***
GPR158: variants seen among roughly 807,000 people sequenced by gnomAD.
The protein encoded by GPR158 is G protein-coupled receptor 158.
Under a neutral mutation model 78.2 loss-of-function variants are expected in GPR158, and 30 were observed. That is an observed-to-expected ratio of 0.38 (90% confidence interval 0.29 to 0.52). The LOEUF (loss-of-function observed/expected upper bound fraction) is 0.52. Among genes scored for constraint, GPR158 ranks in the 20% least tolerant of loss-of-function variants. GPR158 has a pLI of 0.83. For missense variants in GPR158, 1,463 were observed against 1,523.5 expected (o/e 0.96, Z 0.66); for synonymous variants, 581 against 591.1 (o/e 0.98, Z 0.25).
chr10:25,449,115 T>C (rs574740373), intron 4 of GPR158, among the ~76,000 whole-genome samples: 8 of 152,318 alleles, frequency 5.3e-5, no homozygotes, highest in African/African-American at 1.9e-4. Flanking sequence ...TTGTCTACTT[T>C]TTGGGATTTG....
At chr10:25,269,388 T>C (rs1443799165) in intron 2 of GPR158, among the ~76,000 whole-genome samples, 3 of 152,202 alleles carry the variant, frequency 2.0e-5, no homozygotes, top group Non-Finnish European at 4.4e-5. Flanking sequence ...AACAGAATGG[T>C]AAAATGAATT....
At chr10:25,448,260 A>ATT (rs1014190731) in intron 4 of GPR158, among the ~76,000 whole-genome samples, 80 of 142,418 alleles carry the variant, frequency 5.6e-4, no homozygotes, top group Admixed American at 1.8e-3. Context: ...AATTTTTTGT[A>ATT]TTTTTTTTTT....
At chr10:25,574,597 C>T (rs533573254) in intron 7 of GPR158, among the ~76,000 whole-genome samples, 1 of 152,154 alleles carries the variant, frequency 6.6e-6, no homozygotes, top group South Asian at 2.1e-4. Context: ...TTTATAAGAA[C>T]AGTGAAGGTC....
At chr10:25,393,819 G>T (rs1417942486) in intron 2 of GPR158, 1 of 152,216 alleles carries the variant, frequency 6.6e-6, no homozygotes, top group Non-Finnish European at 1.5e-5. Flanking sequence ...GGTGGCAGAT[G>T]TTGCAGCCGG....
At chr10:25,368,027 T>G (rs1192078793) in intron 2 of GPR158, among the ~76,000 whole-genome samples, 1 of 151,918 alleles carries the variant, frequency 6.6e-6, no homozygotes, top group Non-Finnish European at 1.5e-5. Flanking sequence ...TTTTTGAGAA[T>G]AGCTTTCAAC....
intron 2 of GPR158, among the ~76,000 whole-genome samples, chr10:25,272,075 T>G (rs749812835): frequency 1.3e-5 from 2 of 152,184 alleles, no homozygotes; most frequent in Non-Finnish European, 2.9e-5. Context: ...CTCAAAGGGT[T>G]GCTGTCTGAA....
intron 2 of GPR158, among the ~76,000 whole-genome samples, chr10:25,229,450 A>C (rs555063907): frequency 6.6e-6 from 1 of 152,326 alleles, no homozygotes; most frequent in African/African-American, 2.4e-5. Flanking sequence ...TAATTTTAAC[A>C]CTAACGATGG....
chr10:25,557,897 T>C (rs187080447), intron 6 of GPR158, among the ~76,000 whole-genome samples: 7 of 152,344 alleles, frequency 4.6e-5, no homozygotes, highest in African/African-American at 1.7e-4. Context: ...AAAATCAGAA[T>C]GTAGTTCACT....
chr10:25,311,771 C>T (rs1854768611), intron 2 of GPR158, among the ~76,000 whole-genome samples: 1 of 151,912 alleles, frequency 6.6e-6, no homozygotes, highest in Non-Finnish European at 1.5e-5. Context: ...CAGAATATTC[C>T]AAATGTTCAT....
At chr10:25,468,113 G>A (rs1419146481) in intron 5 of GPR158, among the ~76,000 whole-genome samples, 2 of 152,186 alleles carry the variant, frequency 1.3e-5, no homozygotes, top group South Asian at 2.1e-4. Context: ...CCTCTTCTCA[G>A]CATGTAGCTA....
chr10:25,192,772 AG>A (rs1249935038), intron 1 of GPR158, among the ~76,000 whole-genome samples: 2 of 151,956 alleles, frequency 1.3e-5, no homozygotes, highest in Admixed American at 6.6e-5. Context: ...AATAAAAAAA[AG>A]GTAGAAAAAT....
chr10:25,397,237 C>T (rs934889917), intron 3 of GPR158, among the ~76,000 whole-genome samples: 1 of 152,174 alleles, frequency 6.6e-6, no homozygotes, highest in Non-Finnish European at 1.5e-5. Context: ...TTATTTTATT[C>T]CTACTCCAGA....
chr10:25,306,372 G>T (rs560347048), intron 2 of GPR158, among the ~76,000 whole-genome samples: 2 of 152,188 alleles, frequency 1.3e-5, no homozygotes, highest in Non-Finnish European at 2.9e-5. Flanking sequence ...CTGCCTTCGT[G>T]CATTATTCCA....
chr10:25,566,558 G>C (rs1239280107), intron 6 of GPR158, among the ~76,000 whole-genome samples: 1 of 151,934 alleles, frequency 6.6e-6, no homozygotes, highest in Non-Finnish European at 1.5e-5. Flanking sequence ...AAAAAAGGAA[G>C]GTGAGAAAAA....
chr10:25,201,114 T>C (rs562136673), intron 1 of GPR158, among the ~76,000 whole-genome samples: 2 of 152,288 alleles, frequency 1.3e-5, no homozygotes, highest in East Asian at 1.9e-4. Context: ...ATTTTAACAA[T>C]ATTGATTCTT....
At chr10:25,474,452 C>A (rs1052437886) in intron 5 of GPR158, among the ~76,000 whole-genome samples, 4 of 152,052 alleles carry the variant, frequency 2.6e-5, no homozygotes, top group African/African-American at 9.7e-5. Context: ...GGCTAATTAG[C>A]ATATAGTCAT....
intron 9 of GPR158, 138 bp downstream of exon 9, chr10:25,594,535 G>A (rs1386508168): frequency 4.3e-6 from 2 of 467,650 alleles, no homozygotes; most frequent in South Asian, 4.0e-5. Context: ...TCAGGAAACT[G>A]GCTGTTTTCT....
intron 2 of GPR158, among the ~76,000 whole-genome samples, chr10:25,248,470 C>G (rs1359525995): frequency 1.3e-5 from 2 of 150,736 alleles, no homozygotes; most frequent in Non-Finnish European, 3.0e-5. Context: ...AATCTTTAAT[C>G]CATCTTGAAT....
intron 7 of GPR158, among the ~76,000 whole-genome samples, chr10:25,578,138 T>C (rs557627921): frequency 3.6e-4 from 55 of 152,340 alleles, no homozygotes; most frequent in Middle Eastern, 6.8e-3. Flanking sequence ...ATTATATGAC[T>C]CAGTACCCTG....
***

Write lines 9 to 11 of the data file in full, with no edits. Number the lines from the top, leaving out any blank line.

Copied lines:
At chr10:25,368,027 T>G (rs1192078793) in intron 2 of GPR158, among the ~76,000 whole-genome samples, 1 of 151,918 alleles carries the variant, frequency 6.6e-6, no homozygotes, top group Non-Finnish European at 1.5e-5. Flanking sequence ...TTTTTGAGAA[T>G]AGCTTTCAAC....
intron 2 of GPR158, among the ~76,000 whole-genome samples, chr10:25,272,075 T>G (rs749812835): frequency 1.3e-5 from 2 of 152,184 alleles, no homozygotes; most frequent in Non-Finnish European, 2.9e-5. Context: ...CTCAAAGGGT[T>G]GCTGTCTGAA....
intron 2 of GPR158, among the ~76,000 whole-genome samples, chr10:25,229,450 A>C (rs555063907): frequency 6.6e-6 from 1 of 152,326 alleles, no homozygotes; most frequent in African/African-American, 2.4e-5. Flanking sequence ...TAATTTTAAC[A>C]CTAACGATGG....